The animation though, here is where this movie absolutely explodes. This is, for me and my Dark Court tonight, hands down one of the most beautiful Disney animated movies ever put to screen. The colour contrasts, the brilliant pops and attention to detail, lights, shadows, bloom, depth of field, its all there. That’s not even getting into the motion and the beauty of that. There were several shots in the movie where we thought it was photo real. It is THAT good on this front.

TL;DR?

I don’t want to oversell this movie. I am going to tell you I definitely prefer it to the original for its consistency and improved musical control. I cannot tell you how much I love the animation and how just beautiful the entire production is. I am still trying not to oversell this film. It is GOOD. Possibly even great. It didn’t meet all of my expectations and does have some flaws I couldn’t overlook entirely, but they don’t take away from the final piece in the same way the original did with its flaws.

What I can tell you with confidence is that two seats down from me there was an 8 or 9 year old girl singing along with every song happily. It was pure and almost as adorable as baby Yoda (I said almost!). I could hear the kids in the theatre laughing, singing, and cheering as the movie went on and adults too. I often complain about who is a movie made for? Who asked for this? Well in this case, we did. We got what we asked for (mostly) and it showed in the reactions of everyone in the theatre and even listening to people as they were leaving and the conversations we could hear happening around us.

That’s what this kind of art exists for and I am glad of it.

Would you watch it again?

Yeah, when do you wanna go? You buy? I’ll buy my own if needed. I do like it. The bigger the screen and sound system the better. I can only imagine this on an IMAX screen.

So buying it then?

I just checked, its not on pre-order yet.

Right, so trying not to oversell it huh?

Seriously not. I had to manage my expectations going in and this movie exceeded those expectations. It has flaws, more than a handful, but they do not take away from the whole and I spent two hours really enjoying myself and just watching some very very gorgeous moving art.

Any parting thoughts then?

The movie will introduce those who look her up to Norweigan singer Aurora and her music, which I am going to be exploring myself over the next few days. Also everyone is going to love either the Salamander or the Nokk or both.

Darke Reviews | The Addams Family (2019)

The family I wish I had when I was a little girl. Yes, I was always this way. I think I may have watched every episode of the series even in color, and the cartoon and of course the Scooby Doo appearance.  I’ve covered both Addams Family (1991) and Addams Family Values (1993) movies in the past (almost 5 years to the day) and have not changed my opinions of them since. But we aren’t here to discuss those films, instead we are here to discuss the 2019 animated film based on the original comics and series. Some interesting trivia for you – the Addams family didn’t even have proper names from their first appearance in 1938 until the TV show in 1964.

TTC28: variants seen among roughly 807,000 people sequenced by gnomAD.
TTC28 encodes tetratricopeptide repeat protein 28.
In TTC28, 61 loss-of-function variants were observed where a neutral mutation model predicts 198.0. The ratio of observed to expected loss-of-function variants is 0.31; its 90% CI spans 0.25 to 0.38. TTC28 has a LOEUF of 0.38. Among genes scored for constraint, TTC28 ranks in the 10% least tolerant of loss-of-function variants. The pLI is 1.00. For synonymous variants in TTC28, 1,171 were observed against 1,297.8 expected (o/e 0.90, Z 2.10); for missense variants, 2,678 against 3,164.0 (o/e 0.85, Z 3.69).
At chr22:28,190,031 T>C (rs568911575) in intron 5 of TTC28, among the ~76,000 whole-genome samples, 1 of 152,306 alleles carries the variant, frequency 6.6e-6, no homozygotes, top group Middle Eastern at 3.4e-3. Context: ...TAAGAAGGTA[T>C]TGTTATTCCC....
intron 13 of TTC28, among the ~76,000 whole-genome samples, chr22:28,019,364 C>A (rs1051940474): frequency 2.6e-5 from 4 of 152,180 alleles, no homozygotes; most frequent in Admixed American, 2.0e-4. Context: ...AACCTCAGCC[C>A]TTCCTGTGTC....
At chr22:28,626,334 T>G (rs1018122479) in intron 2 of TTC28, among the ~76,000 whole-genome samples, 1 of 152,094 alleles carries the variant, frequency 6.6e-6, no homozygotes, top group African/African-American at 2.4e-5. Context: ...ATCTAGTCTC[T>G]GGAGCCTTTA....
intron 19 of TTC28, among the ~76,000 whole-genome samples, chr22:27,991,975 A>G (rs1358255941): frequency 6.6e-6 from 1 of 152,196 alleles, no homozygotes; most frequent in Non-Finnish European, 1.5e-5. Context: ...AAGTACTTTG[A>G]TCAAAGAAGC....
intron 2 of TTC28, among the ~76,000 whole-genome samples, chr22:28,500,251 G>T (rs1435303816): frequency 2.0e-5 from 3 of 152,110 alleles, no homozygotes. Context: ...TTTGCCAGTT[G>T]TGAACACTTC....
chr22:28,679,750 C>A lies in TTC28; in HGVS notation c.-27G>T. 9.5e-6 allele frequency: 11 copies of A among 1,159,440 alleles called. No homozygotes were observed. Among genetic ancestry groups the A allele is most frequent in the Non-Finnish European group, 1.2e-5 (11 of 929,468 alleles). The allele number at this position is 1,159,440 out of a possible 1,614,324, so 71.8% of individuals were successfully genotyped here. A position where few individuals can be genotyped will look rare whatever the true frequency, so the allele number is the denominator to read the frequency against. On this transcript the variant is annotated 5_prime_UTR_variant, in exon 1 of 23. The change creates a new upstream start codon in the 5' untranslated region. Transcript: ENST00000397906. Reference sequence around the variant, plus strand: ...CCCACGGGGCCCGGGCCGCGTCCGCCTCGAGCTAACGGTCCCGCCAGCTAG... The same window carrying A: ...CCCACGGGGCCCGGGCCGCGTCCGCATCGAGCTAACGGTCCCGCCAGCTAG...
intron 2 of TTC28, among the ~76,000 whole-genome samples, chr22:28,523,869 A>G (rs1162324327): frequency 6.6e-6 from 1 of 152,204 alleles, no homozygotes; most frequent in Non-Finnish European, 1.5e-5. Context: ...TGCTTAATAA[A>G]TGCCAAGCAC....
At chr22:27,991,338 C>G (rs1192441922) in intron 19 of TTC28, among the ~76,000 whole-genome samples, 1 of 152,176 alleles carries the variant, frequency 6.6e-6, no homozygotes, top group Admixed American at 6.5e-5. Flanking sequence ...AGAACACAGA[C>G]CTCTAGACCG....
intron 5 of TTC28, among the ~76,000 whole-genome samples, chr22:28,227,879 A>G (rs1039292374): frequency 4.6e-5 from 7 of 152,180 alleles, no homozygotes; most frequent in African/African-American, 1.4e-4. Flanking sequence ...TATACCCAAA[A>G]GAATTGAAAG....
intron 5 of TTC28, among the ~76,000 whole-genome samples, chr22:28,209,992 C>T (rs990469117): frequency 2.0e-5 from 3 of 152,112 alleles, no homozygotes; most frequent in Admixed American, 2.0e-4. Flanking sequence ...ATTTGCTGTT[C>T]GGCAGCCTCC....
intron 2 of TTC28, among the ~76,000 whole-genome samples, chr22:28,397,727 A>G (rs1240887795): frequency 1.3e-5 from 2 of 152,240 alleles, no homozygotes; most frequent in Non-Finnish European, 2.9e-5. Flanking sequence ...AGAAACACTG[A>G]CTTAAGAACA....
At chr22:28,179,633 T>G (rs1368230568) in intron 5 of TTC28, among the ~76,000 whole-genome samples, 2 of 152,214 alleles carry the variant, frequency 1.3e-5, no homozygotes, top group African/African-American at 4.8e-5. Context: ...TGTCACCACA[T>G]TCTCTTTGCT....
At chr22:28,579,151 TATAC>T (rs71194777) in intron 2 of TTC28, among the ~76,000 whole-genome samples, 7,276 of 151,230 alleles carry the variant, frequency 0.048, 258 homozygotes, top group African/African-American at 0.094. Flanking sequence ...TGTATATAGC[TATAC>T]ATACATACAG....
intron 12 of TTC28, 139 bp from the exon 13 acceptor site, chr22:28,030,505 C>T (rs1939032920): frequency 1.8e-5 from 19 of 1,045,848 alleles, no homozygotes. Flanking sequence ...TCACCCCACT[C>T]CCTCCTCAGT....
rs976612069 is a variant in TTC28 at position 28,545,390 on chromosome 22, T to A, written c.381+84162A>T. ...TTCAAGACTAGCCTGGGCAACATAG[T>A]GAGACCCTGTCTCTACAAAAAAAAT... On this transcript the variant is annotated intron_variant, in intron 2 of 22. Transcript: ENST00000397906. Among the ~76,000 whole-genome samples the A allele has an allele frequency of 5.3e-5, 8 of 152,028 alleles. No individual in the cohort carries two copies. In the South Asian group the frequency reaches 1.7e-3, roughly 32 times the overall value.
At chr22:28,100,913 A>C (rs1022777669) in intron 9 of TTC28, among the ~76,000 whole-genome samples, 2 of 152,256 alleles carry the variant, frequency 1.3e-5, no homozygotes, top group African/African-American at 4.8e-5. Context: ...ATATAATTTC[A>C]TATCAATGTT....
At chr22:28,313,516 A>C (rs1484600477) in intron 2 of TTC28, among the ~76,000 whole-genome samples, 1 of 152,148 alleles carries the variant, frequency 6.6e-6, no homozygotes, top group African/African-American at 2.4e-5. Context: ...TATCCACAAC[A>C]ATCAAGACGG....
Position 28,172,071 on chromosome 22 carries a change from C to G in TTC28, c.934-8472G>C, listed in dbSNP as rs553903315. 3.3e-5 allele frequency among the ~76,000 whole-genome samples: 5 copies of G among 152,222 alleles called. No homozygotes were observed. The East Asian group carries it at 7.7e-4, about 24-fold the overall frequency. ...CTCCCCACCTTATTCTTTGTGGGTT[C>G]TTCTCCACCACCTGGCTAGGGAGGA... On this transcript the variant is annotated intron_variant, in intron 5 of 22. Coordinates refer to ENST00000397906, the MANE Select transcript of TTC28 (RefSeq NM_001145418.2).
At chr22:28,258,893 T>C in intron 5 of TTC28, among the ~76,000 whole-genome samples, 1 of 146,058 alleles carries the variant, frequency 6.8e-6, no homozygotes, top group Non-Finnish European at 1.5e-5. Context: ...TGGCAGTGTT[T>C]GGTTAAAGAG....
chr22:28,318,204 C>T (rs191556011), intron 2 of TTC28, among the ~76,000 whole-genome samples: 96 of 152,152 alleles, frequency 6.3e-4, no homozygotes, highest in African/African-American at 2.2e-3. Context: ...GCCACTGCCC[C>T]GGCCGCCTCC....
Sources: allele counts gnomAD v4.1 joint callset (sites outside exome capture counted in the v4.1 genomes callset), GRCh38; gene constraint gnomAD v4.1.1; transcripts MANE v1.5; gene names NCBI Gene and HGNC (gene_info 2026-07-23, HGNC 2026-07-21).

Should this movie have gone without name too?

It makes me nervous to say the movie activates my three writers rule, with Erica Rivinoja (Cloudy with a Chance of Meatballs 2, Trolls) and Matt Lieberman (The Christmas Chronicles) on story, and screenplay by Lieberman and Pamela Pettler (9, Corpse Bride). They hit the mark and they didn’t on the story. Like it was amazing to see them go back to the basics and get 1964 style of the characters; while embracing some of the single frame comic panels feel as well; however, they missed on some of the parts that people love about the family. It’s like hitting a 20 on a dart board instead of the bulls-eye though, you got a good score but were just off the best mark. The story trudges through familiar territory for a family comedy drama, with teenage rebellion, the weight of family expectations, and the decisions to protect our children or let them grow. It’s fine I suppose, but doesn’t feel quite the same as the family the adults bringing their kids to this remember from the 90s or what I remember from the syndication of the 60’s show. Again it isn’t bad, it’s just not right like an ill fitting skin, er shirt. What?

The performances more than cover up the gaps with a power cast that is 100% a dream casting. Oscar Isaac (Star Wars, Ex Machina) as Gomez, Charlize Theron (Atomic Blonde, Mad Max Fury Road) dropping timbre like a lumberjack (say it out loud) for the always elegant Morticia. Personal favourite actress Chloë Grace Moretz (Let Me In) as fan favourite Wednesday, breakout star Finn Wolfhard (It, Stranger Things) as Pugsley, Nick Kroll ( Secret Life of Pets 2) as Fester, and Bette friggin Midler as Grandma. Woof. It’s perfect. They nail it. I love them all – even Fester. Thanks to the 90’s movies Wednesday gets about a solid third of the movie to herself, and thanks to the original series the writers remembered Pugsley exists so he can get a driving plot. We also get solid and fun performances from Allison Janney (I Tonya, The West Wing) and Elsie Fisher (Eighth Grade) as Margaux and Parker Needler. I have absolutely no complaint in any of the voice acting or performances. Everything and everyone was 100% on point without a single missed delivery.